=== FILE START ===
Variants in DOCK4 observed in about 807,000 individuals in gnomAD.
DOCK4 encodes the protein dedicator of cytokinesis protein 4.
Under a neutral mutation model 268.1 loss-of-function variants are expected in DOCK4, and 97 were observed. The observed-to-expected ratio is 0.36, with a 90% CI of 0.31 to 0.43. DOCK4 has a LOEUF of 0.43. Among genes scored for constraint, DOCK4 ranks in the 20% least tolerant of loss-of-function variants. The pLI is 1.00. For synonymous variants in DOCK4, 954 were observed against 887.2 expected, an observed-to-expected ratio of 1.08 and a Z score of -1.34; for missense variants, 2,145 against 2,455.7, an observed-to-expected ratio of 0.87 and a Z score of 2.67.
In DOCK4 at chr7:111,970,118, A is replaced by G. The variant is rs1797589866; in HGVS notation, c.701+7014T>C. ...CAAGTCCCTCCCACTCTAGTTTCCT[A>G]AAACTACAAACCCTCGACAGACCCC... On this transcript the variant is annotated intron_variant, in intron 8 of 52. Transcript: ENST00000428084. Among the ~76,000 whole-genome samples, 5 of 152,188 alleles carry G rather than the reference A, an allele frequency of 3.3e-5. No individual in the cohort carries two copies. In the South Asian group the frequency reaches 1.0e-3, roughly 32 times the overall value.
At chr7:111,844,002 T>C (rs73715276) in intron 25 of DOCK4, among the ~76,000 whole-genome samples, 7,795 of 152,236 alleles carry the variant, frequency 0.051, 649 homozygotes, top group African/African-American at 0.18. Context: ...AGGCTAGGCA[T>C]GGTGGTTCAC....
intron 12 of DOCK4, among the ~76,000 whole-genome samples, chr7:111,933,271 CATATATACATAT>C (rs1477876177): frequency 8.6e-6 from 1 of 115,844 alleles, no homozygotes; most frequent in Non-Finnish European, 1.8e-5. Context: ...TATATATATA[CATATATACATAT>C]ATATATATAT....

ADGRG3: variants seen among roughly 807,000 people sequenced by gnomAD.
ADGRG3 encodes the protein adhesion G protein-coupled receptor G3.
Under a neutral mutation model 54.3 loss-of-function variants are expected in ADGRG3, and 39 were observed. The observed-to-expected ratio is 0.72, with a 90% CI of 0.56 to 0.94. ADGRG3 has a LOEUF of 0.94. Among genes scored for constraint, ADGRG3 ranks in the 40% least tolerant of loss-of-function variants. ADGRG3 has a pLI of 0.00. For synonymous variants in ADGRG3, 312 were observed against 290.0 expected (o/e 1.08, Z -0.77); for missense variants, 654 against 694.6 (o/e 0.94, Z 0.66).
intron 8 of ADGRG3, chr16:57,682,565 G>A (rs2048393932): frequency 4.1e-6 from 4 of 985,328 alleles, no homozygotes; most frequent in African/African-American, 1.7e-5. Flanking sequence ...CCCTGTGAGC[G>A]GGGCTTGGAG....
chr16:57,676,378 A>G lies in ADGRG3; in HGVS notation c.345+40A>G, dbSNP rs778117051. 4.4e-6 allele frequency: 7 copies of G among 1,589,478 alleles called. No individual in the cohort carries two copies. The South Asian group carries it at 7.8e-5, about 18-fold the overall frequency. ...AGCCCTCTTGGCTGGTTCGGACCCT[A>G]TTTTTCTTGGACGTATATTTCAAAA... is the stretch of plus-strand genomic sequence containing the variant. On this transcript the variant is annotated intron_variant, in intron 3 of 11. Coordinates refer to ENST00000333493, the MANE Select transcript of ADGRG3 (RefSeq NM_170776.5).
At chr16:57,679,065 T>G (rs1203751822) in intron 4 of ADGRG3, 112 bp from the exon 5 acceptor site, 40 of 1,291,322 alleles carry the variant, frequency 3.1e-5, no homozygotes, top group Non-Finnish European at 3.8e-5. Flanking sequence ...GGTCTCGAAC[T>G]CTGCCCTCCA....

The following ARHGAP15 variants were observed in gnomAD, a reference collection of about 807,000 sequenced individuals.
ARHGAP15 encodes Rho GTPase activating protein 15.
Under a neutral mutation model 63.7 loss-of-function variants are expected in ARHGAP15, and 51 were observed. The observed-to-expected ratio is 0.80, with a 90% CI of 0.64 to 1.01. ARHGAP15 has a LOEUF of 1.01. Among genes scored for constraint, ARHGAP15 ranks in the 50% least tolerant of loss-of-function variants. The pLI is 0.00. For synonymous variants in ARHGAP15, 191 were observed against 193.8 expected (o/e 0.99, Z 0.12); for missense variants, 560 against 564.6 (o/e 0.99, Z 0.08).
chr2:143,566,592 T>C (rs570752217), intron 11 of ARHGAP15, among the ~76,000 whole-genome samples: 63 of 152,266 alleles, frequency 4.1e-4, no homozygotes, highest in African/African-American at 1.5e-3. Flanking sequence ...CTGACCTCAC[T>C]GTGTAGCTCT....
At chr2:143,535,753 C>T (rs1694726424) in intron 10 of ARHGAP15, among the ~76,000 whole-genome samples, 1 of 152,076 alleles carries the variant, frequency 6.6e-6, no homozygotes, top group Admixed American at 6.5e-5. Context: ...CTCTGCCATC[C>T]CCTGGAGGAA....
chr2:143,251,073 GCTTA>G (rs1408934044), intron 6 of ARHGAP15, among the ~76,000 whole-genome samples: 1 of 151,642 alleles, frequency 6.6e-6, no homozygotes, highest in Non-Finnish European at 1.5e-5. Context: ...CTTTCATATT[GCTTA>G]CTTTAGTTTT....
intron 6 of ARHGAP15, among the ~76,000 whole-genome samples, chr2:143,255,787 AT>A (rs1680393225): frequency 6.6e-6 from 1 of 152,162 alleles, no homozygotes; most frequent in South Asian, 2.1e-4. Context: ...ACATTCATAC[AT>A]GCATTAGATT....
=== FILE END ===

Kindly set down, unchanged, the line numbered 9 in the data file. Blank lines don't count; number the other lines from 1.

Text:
Under a neutral mutation model 54.3 loss-of-function variants are expected in ADGRG3, and 39 were observed. The observed-to-expected ratio is 0.72, with a 90% CI of 0.56 to 0.94. ADGRG3 has a LOEUF of 0.94. Among genes scored for constraint, ADGRG3 ranks in the 40% least tolerant of loss-of-function variants. ADGRG3 has a pLI of 0.00. For synonymous variants in ADGRG3, 312 were observed against 290.0 expected (o/e 1.08, Z -0.77); for missense variants, 654 against 694.6 (o/e 0.94, Z 0.66).